• Data are collected through in-depth interviews. The answers to the questions will form the data for the research.
  • Key Informants are experts in their respective fields; thus, they are purposefully selected based on the needs of the research. For example, Thomas Homer-Dixon may be interviewed for insights on how science and technology has affected society and our environment.
  • Interviews are usually conducted in a comfortable location such as the interviewee's home or office.
  • The interviewer uses probing questions designed to avoid yes or no responses.

Focus groups

In a group setting, a moderator will guide an informal discussion about a research topic. The group normally consists of between 6 to 12 individuals and the moderator (usually the researcher). The moderator will:
  • Guide the discussion;
  • Ensure that the key aspects of the topic are discussed;
  • Observe the reactions of the participants; and
  • Record the data (using audio files, video, field notes, etc.).

Case studies

A case study is an in-depth examination of a single unit of interest. The researcher may select one person from a focus group to gather more detailed information from that person. Alternatively, the researcher may focus on one company or business to examine how that company works, rather than looking at a whole industry. For example, rather than examining how and why the automotive industry has changed over the last 20 years, a researcher may focus only on General Motors to determine why it (or some part of the large corporation) failed (or succeeded). The data generated will be very detailed.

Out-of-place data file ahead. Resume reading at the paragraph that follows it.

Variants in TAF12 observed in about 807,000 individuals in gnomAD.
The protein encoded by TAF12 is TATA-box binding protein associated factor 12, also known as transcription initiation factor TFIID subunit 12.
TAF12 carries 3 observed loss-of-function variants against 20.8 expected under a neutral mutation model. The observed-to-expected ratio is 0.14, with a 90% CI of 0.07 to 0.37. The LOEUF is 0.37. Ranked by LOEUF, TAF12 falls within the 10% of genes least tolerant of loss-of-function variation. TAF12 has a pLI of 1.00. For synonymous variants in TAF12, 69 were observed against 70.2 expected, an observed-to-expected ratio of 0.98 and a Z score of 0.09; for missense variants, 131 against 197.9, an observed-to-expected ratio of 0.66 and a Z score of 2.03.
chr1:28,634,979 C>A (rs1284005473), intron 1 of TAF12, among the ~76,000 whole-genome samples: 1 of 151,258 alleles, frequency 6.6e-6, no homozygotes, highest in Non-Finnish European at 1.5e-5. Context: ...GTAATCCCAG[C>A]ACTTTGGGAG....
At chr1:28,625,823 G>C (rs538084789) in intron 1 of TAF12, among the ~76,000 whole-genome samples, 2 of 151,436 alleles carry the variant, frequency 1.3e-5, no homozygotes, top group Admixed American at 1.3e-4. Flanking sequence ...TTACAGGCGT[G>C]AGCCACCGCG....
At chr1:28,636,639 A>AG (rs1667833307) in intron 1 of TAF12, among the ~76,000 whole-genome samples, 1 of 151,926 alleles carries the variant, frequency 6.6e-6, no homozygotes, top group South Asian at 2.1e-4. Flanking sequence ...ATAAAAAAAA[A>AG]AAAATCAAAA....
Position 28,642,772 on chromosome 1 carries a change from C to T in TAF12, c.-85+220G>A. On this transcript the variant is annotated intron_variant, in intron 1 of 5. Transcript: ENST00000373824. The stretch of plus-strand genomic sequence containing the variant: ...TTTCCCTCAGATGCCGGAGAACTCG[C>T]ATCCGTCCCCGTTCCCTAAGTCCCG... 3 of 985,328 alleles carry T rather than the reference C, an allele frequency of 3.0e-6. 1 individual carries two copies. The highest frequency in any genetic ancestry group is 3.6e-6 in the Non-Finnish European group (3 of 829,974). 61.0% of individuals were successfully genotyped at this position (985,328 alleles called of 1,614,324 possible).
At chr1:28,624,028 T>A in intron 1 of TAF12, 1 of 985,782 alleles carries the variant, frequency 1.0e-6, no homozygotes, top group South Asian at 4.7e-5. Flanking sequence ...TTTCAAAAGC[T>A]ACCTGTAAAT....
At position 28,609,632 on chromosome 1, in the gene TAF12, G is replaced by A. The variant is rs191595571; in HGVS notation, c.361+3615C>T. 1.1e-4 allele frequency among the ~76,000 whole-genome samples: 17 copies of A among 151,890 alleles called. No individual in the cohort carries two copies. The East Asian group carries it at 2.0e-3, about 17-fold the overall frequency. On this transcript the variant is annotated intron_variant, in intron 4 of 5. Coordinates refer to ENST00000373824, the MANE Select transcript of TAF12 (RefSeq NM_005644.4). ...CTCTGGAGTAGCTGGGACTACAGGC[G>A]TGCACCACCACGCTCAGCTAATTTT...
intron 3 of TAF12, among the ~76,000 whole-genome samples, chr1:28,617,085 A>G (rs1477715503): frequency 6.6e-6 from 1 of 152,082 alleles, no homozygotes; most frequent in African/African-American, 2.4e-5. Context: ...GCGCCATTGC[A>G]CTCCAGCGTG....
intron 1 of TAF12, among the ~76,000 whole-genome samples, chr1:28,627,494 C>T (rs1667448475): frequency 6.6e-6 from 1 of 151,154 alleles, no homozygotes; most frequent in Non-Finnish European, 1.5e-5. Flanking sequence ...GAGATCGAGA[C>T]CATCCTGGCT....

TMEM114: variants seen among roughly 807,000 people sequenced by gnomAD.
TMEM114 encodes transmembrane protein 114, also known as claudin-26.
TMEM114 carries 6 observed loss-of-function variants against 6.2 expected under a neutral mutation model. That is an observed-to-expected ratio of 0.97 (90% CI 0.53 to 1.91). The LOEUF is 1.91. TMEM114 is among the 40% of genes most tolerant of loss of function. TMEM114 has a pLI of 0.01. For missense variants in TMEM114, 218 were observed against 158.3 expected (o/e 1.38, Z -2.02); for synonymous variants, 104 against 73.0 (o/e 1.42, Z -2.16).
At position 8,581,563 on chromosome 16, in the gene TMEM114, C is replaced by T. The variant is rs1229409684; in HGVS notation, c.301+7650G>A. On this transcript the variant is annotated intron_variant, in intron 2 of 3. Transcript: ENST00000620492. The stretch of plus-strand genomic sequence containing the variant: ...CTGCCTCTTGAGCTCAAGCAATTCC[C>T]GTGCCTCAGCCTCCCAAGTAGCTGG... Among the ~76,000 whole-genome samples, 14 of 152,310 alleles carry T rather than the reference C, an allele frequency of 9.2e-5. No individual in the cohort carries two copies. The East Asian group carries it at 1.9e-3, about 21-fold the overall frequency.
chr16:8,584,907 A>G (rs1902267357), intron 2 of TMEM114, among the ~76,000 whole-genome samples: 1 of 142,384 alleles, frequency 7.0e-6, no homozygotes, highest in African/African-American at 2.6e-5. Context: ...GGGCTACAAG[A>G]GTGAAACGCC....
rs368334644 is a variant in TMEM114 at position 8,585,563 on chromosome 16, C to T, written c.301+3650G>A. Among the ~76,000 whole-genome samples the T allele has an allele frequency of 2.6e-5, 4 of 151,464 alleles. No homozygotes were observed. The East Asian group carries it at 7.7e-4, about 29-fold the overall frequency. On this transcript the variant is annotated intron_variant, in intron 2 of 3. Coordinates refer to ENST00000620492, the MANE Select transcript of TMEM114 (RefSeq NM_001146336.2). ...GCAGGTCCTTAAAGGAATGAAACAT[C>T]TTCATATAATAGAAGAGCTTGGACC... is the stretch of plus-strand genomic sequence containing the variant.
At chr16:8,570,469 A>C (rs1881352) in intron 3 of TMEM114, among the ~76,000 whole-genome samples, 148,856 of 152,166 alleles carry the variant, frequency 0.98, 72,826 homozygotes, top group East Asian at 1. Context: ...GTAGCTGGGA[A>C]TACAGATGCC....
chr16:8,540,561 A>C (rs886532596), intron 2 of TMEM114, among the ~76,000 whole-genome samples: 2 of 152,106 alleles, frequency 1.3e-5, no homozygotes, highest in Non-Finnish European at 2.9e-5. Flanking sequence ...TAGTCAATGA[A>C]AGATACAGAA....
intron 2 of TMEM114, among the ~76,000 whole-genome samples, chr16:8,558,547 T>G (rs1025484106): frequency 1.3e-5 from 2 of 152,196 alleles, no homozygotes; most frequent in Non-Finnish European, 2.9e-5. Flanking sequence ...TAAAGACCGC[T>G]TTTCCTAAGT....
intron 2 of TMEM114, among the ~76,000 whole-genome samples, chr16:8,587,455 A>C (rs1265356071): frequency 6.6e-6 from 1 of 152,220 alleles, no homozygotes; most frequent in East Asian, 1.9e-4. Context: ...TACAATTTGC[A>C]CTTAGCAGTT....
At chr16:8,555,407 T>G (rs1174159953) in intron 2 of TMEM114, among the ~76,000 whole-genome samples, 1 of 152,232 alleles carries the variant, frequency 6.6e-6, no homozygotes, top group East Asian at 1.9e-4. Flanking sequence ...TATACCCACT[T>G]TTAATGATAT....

Tip: 

You must be a detail-oriented investigator and able to see patterns in the data.

Observation

The researcher quietly observes subjects in a particular situation. The researcher looks for how the participants act and react under certain situations. This is a useful technique for assessing behaviours. An observation study may be conducted by:
  • Human (researcher) or mechanical (video, photos, etc.) observation
  • Contrived observation (i.e. staging a situation)
  • Naturalistic observation (i.e. observing subjects in a natural setting when the subject does not know he or she is being observed)
  • Disguised observation (individual is unaware of observation, e.g. security camera at a grocery store) or non-disguised (individual is aware of observation, e.g. actors in a TV show)

Surveys

Formal questionnaires

Well-written questionnaires are difficult to create. Questions may have yes/no answers (i.e. closed- ended questions) or answers on a scale. Closed questions allow for a limited choice of answers. Scales allow for more possibilities, but still do not allow the participant to elaborate on her answer. Open-ended questions may also be used depending on the nature of the research. Open-ended questions do not allow for yes/no answers; they normally encourage the participants to express their thoughts in their own words which allows for a more complete picture.

Closed questions

  • Do you get along well with your parents?

Scale questions

Scaled responses measure degrees of agreement or disagreement.

For example:

  1. How would you rate the service at our restaurant?

    1. Very poor
    2. Poor
    3. Average
    4. Good
    5. Very good

An advantage to this type of question (and to yes/no questions) is that they allow you to use various electronic and non-electronic methods of distribution, collection, and analysis. These tools are often available for little or no cost, making surveys relatively inexpensive to conduct.

Open questions

  • How well do you get along with your parents? (Or, Tell me about your relationship with your parents.)

Open-ended questions require more analysis and interpretation. They can be more time-consuming for both the participant and the researcher. 

Tip: 

Care must be taken in crafting questions to ensure honest and unbiased answers. Make sure that your questions are worded so that they do not lead the respondent to a particular answer.